The claim is notable as it will seek remedies under the Consumer Guarantees Act 1993 (CGA), following the strike out decision in Minister of Education v Carter Holt Harvey Ltd. In that case, the High Court held that, the Ministry was a “vulnerable party” and that vulnerability weighed in favour of finding that CHH owed the Ministry a duty of care in the design, manufacture and supply of cladding systems, and that, because the supply and manufacture of cladding does not relate to “building work”, the ten year long-stop limitation period in the Building Act did not apply. The Court refused to strike out the proceeding on these bases. We anticipate the class action-style claim may argue (in part) that therefore an owner with a building of any age can join the claim.

CHH has since appealed the High Court’s decision.

“Quake Outcasts” entitled to reconsideration of Government offers to purchase their properties

Christchurch “Quake Outcasts” have won in their bid to have the Minister for Canterbury Earthquake Recovery and the Chief Executive of CERA reconsider their decisions regarding the offers that were made by the Government to purchase the Outcasts’ red-zoned properties. The Supreme Court considered the Crown’s decisions regarding the red zoning (and non-red zoning) of particular areas and the quantum of purchase offers made to owners of properties located in the red zones.

The Court held that the Crown’s decisions should have been made under the Canterbury Earthquake Recovery Act 2011, as the Act was intended to be the sole vehicle for major earthquake recovery measures. The Act provides safeguards in relation to the use of specific powers as well as rights of consultation in relation to the Recovery Strategy and Recovery Plans. Further, the Court held that the insurance status of properties in the red zone should not have been treated as determinative of the level of offer that the Crown made to individuals property owners. For example, some uninsured properties in the red-zone had fared well and those properties had been harmed more by being “red-zoned” than by the earthquake. The insurance status of a property should therefore have been only one of a number of relevant factors in the Crown’s decisions about how much to offer owners. Additionally, decisions on offers should have been made with the aim of to achieving the purpose of the Act, namely, to assist with the recovery of red zoned communities.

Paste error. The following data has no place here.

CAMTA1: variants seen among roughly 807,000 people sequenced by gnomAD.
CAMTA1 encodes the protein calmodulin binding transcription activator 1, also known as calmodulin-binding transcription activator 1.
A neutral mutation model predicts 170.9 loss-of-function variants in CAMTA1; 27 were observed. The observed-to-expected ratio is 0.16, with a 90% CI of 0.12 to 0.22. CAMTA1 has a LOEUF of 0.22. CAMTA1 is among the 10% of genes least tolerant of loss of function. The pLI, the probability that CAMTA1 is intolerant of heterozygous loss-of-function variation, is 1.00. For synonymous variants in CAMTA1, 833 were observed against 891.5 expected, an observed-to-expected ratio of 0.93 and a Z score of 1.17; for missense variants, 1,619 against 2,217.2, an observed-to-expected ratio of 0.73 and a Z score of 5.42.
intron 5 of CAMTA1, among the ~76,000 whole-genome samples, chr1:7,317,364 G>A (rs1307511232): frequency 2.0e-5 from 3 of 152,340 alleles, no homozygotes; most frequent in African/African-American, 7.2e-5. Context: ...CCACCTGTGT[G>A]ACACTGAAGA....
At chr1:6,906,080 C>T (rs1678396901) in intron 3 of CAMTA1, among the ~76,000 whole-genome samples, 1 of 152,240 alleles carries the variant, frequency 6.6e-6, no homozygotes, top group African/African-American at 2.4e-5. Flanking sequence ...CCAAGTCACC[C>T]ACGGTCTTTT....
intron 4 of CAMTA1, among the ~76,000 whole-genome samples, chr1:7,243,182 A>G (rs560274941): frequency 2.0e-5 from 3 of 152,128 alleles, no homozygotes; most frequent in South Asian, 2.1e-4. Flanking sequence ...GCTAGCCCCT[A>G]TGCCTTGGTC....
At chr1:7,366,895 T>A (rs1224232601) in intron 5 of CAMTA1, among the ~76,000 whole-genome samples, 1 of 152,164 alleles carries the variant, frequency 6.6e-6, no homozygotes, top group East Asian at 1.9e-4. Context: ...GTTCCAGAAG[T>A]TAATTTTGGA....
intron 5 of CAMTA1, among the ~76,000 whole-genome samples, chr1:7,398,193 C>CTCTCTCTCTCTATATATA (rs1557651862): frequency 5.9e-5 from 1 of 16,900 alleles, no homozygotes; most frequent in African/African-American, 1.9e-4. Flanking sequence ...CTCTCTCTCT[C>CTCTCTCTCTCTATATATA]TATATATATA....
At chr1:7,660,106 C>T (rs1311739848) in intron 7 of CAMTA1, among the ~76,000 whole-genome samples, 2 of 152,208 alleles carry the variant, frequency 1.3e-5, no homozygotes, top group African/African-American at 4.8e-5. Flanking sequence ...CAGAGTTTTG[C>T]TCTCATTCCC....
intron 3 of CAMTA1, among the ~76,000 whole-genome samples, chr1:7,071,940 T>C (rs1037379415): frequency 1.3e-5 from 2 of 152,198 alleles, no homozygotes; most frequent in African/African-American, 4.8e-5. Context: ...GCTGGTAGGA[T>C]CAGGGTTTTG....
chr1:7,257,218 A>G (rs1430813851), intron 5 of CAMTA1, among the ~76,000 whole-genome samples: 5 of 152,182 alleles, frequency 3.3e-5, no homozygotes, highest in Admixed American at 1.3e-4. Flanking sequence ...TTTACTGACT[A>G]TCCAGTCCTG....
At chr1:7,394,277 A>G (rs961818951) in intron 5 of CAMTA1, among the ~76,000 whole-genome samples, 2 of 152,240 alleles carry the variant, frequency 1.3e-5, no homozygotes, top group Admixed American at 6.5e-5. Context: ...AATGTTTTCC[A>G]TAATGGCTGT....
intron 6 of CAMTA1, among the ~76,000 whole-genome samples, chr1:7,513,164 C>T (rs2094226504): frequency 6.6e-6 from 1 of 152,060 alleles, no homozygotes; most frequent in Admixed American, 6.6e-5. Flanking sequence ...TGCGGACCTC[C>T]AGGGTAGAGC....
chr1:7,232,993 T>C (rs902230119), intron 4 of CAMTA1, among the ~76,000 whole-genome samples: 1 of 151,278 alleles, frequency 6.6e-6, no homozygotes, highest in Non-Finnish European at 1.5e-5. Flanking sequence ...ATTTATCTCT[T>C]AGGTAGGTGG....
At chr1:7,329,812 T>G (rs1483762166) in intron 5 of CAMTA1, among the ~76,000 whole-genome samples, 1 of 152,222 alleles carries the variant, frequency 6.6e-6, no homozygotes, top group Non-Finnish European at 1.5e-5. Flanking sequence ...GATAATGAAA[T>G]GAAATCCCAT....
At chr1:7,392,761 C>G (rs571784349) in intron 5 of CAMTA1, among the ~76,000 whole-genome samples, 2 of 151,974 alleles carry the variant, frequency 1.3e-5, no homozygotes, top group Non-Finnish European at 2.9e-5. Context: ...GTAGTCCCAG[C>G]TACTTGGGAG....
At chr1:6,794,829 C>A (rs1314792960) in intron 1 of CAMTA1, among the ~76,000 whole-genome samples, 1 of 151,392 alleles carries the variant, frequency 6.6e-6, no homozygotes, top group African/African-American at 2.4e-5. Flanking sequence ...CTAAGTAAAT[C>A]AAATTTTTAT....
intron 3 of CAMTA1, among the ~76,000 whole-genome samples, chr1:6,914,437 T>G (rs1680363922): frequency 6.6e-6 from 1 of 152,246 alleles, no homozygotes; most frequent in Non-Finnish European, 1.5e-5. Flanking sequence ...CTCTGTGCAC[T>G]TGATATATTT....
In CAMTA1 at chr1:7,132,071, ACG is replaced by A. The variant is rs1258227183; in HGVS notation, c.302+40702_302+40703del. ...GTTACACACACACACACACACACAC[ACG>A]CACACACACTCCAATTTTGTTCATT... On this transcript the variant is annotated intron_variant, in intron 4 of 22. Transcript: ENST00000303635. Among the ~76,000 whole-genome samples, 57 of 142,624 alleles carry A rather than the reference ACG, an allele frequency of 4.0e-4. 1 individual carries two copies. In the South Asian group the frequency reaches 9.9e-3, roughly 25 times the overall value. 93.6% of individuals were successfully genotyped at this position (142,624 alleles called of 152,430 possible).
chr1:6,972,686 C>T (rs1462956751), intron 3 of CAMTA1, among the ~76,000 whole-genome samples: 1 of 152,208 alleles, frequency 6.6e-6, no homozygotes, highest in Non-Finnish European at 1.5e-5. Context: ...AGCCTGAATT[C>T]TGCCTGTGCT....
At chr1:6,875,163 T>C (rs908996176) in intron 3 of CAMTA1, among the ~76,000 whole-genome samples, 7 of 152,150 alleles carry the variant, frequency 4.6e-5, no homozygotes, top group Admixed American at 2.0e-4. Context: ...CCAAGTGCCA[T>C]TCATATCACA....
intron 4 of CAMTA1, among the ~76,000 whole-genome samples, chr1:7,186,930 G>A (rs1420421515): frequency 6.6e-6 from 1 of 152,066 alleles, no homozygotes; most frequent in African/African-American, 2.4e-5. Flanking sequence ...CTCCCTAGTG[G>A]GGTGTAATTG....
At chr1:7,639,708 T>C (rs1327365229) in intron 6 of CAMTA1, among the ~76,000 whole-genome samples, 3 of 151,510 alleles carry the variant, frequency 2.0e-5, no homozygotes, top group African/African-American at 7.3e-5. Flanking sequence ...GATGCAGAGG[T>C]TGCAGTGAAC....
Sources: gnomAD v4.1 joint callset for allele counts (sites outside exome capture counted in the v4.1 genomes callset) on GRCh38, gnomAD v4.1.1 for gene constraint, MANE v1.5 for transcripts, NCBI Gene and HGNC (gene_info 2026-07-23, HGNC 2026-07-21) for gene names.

Quake Outcasts v Minister for Canterbury Earthquake Recovery [2015] NZSC 27

  1. Further revisions were agreed to by Cabinet on 11 August 2014 and on 11 March 2015 Parliament released a further Supplementary Order Paper with further amendments to the Bill.


This publication is intended only to provide a summary of the subject covered. It does not purport to be comprehensive or to provide legal advice. No person should act in reliance on any statement contained in this publication without first obtaining specific professional advice.